Yet More Women and Girls Abducted in Nigeria

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Boko Haram reportedly signed a ceasefire 10 days ago. But attacks have increased since then, including a horrific spate of recent kidnappings.  “At least 70 young women and teenage girls and boys have been kidnapped in Borno and Adamawa states since Oct. 18, according to local government chairman Shettima Maina and residents who spoke on condition of anonymity because they feared retribution. The insurgents also launched several attacks since the cease-fire was announced. On Friday a multinational force including troops from Nigeria and Niger engaged in fierce fighting to regain control of Abadam, a town held by Boko Haram on the western shores of Lake Chad.Ten days after the announcement, Boko Haram has not indicated that it has agreed to a truce.” (AP

 Quote of the Day: “We want to make sure that whatever policies are put in place in this country to protect the American public do not serve as a disincentive to doctors and nurses from this country volunteering to travel to West Africa to treat Ebola patients,” White House Press Secretary Josh Earnest


Australia will no longer issue visas–even for humanitarian purposes–to people from Liberia, Sierra Leone and Guinea. (SMH )

The CDC and Pentagon are both training “go-teams” that can be on the ground within days of an Ebola diagnosis in the U.S. Team members learn about containing infection and dealing with the stress, but it’s unclear how these crews will work with each other. (NPR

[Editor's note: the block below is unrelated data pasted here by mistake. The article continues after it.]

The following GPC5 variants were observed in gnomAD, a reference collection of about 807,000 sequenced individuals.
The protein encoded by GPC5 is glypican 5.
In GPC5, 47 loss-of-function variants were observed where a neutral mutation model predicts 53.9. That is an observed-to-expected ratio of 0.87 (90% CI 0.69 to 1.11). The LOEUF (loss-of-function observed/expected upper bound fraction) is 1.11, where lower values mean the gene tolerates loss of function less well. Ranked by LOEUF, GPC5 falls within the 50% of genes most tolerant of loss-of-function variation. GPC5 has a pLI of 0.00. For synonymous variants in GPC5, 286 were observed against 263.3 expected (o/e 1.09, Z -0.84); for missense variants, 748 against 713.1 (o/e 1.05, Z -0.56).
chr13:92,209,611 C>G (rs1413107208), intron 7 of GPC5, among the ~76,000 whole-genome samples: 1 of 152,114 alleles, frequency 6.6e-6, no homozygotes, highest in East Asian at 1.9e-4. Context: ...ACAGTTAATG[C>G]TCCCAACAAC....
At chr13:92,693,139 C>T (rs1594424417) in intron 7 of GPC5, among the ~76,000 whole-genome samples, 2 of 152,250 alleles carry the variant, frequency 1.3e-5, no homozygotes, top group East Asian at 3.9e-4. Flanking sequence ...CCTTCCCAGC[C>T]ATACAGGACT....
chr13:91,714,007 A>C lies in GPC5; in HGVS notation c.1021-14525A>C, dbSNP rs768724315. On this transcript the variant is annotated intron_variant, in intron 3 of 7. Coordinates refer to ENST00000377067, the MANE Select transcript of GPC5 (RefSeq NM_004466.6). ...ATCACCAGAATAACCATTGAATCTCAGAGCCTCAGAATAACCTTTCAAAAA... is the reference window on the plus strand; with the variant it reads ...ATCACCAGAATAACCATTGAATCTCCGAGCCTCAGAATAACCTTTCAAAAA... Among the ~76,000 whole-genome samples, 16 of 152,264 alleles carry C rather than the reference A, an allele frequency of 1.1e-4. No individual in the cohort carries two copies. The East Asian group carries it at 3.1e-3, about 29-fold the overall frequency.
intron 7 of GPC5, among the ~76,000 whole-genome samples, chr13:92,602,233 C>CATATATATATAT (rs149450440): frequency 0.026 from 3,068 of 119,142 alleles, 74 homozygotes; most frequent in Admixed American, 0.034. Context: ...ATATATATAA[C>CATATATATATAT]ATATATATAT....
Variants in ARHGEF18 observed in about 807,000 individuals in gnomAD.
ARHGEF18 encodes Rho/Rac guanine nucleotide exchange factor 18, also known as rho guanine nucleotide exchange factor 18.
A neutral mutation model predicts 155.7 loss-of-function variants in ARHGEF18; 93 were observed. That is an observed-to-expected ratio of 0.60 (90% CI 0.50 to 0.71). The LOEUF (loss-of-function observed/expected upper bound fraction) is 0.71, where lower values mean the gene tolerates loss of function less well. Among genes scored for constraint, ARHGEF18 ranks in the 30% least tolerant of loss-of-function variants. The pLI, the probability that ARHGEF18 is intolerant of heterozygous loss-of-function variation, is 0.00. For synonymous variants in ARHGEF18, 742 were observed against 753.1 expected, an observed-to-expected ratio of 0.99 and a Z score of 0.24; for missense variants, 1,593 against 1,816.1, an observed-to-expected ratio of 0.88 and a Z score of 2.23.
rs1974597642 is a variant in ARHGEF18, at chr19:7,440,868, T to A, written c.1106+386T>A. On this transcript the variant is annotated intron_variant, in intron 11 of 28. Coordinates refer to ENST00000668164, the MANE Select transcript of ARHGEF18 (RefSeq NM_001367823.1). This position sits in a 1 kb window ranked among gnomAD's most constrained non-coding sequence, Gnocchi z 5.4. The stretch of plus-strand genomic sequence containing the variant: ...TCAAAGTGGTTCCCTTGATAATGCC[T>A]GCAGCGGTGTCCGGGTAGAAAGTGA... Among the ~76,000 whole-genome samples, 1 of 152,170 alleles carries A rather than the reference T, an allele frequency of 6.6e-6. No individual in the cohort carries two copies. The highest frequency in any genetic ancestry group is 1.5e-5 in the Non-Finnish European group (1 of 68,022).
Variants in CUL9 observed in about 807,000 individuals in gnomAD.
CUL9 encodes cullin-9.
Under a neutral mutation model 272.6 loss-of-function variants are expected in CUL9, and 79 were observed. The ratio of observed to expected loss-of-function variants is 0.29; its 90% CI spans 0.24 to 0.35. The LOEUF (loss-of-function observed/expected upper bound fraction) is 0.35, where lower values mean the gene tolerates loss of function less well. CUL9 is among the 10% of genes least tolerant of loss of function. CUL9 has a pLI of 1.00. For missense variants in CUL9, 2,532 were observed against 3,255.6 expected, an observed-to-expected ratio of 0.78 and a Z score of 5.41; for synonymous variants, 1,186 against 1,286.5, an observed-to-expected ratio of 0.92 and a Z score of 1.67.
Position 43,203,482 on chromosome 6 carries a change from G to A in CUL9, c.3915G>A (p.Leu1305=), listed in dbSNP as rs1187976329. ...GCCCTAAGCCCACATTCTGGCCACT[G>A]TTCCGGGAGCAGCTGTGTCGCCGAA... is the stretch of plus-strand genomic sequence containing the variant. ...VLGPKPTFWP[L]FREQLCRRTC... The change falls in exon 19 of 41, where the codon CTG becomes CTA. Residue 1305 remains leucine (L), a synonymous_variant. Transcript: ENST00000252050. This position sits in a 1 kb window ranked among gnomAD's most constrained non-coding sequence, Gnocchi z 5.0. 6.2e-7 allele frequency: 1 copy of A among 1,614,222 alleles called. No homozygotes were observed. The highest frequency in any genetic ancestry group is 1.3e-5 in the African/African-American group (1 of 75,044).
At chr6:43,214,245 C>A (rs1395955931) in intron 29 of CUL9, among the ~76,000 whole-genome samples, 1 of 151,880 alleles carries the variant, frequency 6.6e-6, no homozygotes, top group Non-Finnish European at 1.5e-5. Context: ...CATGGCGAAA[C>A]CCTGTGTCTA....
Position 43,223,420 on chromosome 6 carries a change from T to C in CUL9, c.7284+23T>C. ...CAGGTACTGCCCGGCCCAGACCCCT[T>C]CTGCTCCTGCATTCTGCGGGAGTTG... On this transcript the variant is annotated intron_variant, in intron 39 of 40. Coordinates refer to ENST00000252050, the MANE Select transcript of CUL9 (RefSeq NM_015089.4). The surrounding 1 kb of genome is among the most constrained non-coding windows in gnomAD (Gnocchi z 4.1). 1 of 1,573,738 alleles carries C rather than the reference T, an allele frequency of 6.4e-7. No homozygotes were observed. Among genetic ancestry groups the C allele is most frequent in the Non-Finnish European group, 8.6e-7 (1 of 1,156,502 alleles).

Governments must avoid doing anything to deter desperately needed health workers from coming to West Africa to fight Ebola, the head of the U.N. mission battling the virus said on Monday, adding that quarantine decisions must not be based on hysteria. (Reuters

The difficulty of finding doctors with field experience is hampering international medical intervention to help curb Ebola in West Africa. Fear of contracting the virus and restricted air travel have also slowed the response. (IRIN

The U.S. Army has started isolating soldiers returning from an Ebola response mission in West Africa, even though they showed no symptoms of infection and were not believed to have been exposed to the deadly virus, officials said on Monday. (Reuters

Federal health officials on Monday revamped guidelines for doctors and nurses returning home to the United States from treating Ebola patients in West Africa, stopping well short of controversial mandatory quarantines being imposed by some U.S. states. (Reuters

Some News on the Ebola Vaccine Front